The State Houses – What’s At Stake in 2010

Thirty-nine states will be electing a governor during the 2009-2010 election cycle. Of these, eighteen races will not include an incumbent and four incumbents who will be running were not elected to their current position. The recession and huge budget deficits threaten to undercut the power of incumbency for governors running for reelection.

The Current Line-Up

800px-governors_by_party

Archive for Polls

A new poll from Suffolk University reinforces the numbers Rasmussen released a couple of weeks ago. What has once been a toss-up contest between Gov. Deval Patrick (D), Charlie Baker (R) and Timothy Cahill (Ind) has shifted toward the incumbent.

Suffolk state of the race numbers (including Green Party candidate Jill Stein)/MoE +/- 4.4%

Mass Gubernatorial Matchup

 

Overall

Dems

GOP

Ind

Patrick (D)

42

76

6

26

Baker (R)

29

6

77

35

Cahill (I)

14

13

11

15

Stein (G)

8

5

0

11

Undecided

7

1

5

13

As with the earlier poll, Patrick’s growth seems to be coming at Cahill’s expense.

The RGA has had a sustained, multi-media attack against Cahill for nearly a month. It’s clear he’s paying a price in the polling. Two-thirds (67%) of respondents had seen (or heard) the RGA ads. Of those, 21% said they were more likely to vote for Patrick because of the ads. Only 15% said they were more likely to vote for Baker while 10% said they were more likely to vote for Cahill.

It’s not all good news for the governor. Patrick’s job approval numbers are in negative territory (42% approve, 49% disapprove).  The poll also shows only one-third of Massachusetts voters think he deserves a second term, an encouraging sign for GOP strategists.

But, it’s still too early to tell whether or not Republicans who wanted a two-man contest with the once-embattled governor have misread the Bay State’s political winds.  Can Baker replicate Scott Brown’s surprise victory?  The demographics of a general election are far different than those of a special. There will be more voters going to the polls in November than this past January.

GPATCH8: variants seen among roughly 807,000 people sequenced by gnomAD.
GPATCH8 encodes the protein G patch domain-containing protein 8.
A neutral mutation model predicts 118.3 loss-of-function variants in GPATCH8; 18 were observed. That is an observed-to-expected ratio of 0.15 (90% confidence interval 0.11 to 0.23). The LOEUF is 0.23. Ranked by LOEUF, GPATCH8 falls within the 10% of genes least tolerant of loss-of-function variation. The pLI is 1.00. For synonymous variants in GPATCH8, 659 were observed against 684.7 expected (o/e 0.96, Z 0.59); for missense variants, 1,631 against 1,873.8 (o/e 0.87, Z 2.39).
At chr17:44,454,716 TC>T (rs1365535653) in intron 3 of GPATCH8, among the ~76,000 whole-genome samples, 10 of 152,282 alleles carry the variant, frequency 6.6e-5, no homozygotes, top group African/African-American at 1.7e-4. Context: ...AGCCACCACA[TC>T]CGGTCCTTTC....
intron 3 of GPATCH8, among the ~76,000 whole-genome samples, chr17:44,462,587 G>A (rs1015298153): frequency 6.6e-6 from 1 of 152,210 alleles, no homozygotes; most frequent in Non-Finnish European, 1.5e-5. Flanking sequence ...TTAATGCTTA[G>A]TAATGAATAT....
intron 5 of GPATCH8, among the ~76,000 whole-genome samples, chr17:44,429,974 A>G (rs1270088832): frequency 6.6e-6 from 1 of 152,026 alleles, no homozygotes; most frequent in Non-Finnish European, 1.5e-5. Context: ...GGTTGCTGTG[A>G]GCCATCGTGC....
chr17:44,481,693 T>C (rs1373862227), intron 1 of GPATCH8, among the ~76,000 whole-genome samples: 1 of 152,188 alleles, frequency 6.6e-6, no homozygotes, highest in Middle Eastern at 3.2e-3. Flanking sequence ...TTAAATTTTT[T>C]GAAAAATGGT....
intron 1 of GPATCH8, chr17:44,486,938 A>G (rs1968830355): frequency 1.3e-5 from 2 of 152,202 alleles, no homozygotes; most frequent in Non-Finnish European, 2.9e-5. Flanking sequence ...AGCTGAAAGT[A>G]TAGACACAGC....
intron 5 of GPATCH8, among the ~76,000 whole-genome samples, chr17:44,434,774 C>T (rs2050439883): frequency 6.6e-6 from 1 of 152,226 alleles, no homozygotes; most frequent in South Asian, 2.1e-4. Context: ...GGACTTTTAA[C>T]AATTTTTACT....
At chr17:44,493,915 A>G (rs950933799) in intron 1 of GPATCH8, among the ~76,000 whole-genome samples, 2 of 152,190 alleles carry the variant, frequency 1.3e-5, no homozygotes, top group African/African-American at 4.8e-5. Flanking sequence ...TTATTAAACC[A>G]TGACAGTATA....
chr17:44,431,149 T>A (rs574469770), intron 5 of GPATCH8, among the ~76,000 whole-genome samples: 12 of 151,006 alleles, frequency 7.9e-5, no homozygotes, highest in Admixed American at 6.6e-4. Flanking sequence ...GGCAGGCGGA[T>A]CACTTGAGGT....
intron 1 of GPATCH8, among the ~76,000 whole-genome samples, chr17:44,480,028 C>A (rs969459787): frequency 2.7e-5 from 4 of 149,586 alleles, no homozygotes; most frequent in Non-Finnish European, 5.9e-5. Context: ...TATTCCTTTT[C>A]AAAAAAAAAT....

For a Republican to win statewide in this state where the GOP constitutes a small portion of the electorate, they have to win over a large percentage of independents and Baker’s margin over Patrick at this point isn’t nearly enough.

Patrick captured 76 percent of registered Democrats, while Baker won 77 percent of registered Republicans.  Among independents, Baker led Patrick by 35 percent to 26 percent, far less than the 64 percent to 29 percent advantage among independents that Scott Brown had over Martha Coakley in a Jan. 14 Suffolk University/7 News survey.  That survey was the first live telephone poll to show Brown winning.

Thus far, Baker hasn’t caught Brown’s magic.

Categories : Massachusetts, Polls, RGA
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In somewhat of a head-scratcher (especially considering recent numbers from Survey USA and PPP showing Whitman maintaining a wide lead in the GOP primary), Rasmussen finds that Steve Poizner is more competitive against Democrat Jerry Brown in a November gubernatorial matchup.

Rasmussen’s numbers (trend from April 21):

CALIFORNIA GUBERNATORIAL MATCHUPS: JERRY BROWN VS. GOP (MoE +/- 4.5%)

BROWN

45 (44)

BROWN

43 (50)

WHITMAN

41 (38)

POIZNER

42 (32)

OTHER